Keeping the Forest Full of Life
Wildlife have the same basic needs humans do—food, water, shelter, and space. To make sure those needs are met, refuge staff carefully manage forest areas. They remove some trees, plant others that are beneficial to wild life, and battle insect pests. As a result, songbirds, the endangered Delmarva Peninsula for squirrel, and many other kinds of wildlife flourish.
Stopping insects in Their Tracks
It's hard to believe that an insect could fell a forest. But in the 1980s and 1990s, the Southern pine beetle devastated several stands of loblolly pine trees on Chincoteague National Wildlife Refuge. To prevent the beetle's spread, staff removed infected trees and replanted the areas with hardwoods to create new homes for wildlife. Today, wildlife have returned to replanted areas and are thriving.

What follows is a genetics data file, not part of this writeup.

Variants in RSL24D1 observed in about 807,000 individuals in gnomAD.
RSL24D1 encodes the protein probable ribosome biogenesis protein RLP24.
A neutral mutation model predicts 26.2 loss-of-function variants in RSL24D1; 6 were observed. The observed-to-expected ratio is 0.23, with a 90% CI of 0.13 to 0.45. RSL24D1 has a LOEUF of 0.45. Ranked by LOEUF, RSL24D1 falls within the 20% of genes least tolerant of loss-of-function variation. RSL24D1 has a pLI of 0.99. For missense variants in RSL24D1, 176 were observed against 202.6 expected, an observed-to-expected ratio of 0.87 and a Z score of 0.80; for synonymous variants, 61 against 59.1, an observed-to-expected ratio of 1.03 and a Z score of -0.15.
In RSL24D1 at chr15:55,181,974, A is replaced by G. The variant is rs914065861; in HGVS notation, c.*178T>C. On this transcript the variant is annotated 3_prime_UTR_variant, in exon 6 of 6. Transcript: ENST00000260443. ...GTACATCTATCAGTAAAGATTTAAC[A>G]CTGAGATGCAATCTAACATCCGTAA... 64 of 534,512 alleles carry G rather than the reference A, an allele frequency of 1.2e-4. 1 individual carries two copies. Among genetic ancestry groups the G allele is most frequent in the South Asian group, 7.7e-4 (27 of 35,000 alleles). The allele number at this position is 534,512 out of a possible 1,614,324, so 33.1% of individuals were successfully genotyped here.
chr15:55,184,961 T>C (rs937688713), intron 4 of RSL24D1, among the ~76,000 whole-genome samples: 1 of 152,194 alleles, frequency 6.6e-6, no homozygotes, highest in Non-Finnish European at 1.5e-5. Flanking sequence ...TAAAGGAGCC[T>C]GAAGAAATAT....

(Caption: Compare this stand of infested loblolly pine trees before and after replanting. Some dead trees were left standing to provide homes for woodpeckers and other wildlife.)
Ducks and Geese Galore
In the fall and winter, this wetland is transformed into a paradise for waterfowl, and you can compare the eating habits of snow geese and a variety of ducks. Look for them feeding on plants along the edges as well as on the muddy bottom.
Many of These Fall and Winter Visitors Can You Spot?
Snow geese gather at Chincoteague National Wildlife Refuge by the tens of thousands. During the day, they often feed in nearby farm fields and saltmarshes.
American black ducks dabble for submerged plants. Watch how they tip their bodies to reach the bottom.
Green-winged teals gather along pond edges to munch on soft parts of plants.
Northern shovelers use the teeth-like edges of their spoon-shaped bills to scoop small plants and animals from the water. Look for them swimming in circles to stir up mud.
Northern pintails have distinctive, needle-like tails that make them easy to spot. They glean seeds from the muddy bottom.